New photography exhibit captures COVID-era New Haven
On any given day, downtown New Haven is teeming with people from all walks of life.
But a new photography exhibit at the New Haven Museum captures a different side of the Elm City: when COVID forced residents to hunker down indoors and New Haven became like a ghost town.
The exhibit features the photography of downtown New Haven resident Roderick Topping. Over the years, New Haven has been a favorite subject of his. He said he’s fascinated with its architecture, landmarks and topography. So when the pandemic hit in March 2020, he saw an opportunity.
“It wasn’t originally because ‘it’s COVID, let’s document this time,’ although that was probably in the back of my mind,” Topping said. “It was more that I could see New Haven the way it is — without people, traffic and hubbub.”
Without the hustle and bustle, familiar streets, businesses and facades in downtown New Haven become the center of attention in Topping’s photographs — places like Trinity Church on the Green, Soul de Cuba restaurant and Cafe Nine.
Most of Topping’s photographs are in black and white, giving them a stark, sometimes ethereal quality. Like Topping’s photograph “Maison Mathis.” He captures a dark silhouette walking past the Elm Street restaurant in the fog. It’s at night, and Elm Street is deserted. Topping said the picture is just one of the many happy accidents he had while working on this project.
“That was a bizarre night, when it was clear and cold, and then suddenly this fog came out of nowhere,” he said. “I took a number of photographs in the fog with people in them and that was my favorite.”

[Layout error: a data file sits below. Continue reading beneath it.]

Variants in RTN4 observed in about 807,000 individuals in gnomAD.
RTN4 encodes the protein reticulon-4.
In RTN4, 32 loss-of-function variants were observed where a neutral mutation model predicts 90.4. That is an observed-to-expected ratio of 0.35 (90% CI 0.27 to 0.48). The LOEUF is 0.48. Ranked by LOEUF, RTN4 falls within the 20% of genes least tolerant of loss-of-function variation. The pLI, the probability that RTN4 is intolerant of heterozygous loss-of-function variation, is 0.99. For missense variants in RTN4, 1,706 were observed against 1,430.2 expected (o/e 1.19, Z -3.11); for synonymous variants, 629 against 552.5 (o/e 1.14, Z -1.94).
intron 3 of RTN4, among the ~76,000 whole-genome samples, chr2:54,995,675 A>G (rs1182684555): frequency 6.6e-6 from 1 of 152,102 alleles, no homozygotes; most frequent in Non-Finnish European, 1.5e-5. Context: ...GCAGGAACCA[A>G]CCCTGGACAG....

Topping also captures other, more political moments that coincided with COVID, like the controversial removal of the Christopher Columbus statue from Wooster Square in June of 2020.
“When Columbus was up on the flatbed trailer, I was like, ‘Oh that would make a good shot,’" he said. “If you didn’t know what was going on, you would still look at the photograph, because Columbus was on a flatbed trailer, you know? And then you have this burly police officer with a mask on, and all those bystanders.”
Jason Bischoff-Wurstle, curator of the exhibit, said that by capturing so much detail in such an important time in history, Topping really hit his stride with this project.
“It’s those subtle things that happen so quick, that we all forget,” said Bischoff-Wurstle, the director of photo archives at the New Haven Museum. “He captured those details. These moments are fleeting. And we think we remember them, but we don’t. And especially with a traumatic situation, a global trauma, already people are kind of like, ‘I don’t want to think about that anymore’ — rightfully so. But we’ll forget. And these little details keep the story going.”
“Strange Times: Downtown New Haven in the COVID Era” runs through next year at the New Haven Museum.